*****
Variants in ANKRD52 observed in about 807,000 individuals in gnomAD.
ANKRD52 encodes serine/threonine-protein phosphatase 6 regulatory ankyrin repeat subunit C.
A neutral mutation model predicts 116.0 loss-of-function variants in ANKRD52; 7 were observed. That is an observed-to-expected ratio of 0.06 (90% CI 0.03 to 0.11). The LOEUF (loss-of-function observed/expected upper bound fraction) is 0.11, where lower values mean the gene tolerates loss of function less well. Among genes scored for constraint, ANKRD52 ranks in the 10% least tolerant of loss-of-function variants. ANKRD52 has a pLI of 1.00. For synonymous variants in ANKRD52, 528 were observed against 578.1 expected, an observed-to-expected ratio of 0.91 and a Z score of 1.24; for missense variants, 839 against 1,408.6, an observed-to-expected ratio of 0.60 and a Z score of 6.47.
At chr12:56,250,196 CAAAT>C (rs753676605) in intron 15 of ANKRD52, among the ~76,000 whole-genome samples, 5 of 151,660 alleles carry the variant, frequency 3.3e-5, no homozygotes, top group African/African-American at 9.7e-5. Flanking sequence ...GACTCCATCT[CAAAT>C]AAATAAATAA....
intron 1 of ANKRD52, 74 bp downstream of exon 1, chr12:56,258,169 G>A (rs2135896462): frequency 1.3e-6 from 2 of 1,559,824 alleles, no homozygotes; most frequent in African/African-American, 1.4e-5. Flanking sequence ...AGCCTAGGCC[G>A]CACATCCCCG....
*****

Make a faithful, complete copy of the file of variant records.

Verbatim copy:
Variants in ANKRD52 observed in about 807,000 individuals in gnomAD.
ANKRD52 encodes serine/threonine-protein phosphatase 6 regulatory ankyrin repeat subunit C.
A neutral mutation model predicts 116.0 loss-of-function variants in ANKRD52; 7 were observed. That is an observed-to-expected ratio of 0.06 (90% CI 0.03 to 0.11). The LOEUF (loss-of-function observed/expected upper bound fraction) is 0.11, where lower values mean the gene tolerates loss of function less well. Among genes scored for constraint, ANKRD52 ranks in the 10% least tolerant of loss-of-function variants. ANKRD52 has a pLI of 1.00. For synonymous variants in ANKRD52, 528 were observed against 578.1 expected, an observed-to-expected ratio of 0.91 and a Z score of 1.24; for missense variants, 839 against 1,408.6, an observed-to-expected ratio of 0.60 and a Z score of 6.47.
At chr12:56,250,196 CAAAT>C (rs753676605) in intron 15 of ANKRD52, among the ~76,000 whole-genome samples, 5 of 151,660 alleles carry the variant, frequency 3.3e-5, no homozygotes, top group African/African-American at 9.7e-5. Flanking sequence ...GACTCCATCT[CAAAT>C]AAATAAATAA....
intron 1 of ANKRD52, 74 bp downstream of exon 1, chr12:56,258,169 G>A (rs2135896462): frequency 1.3e-6 from 2 of 1,559,824 alleles, no homozygotes; most frequent in African/African-American, 1.4e-5. Flanking sequence ...AGCCTAGGCC[G>A]CACATCCCCG....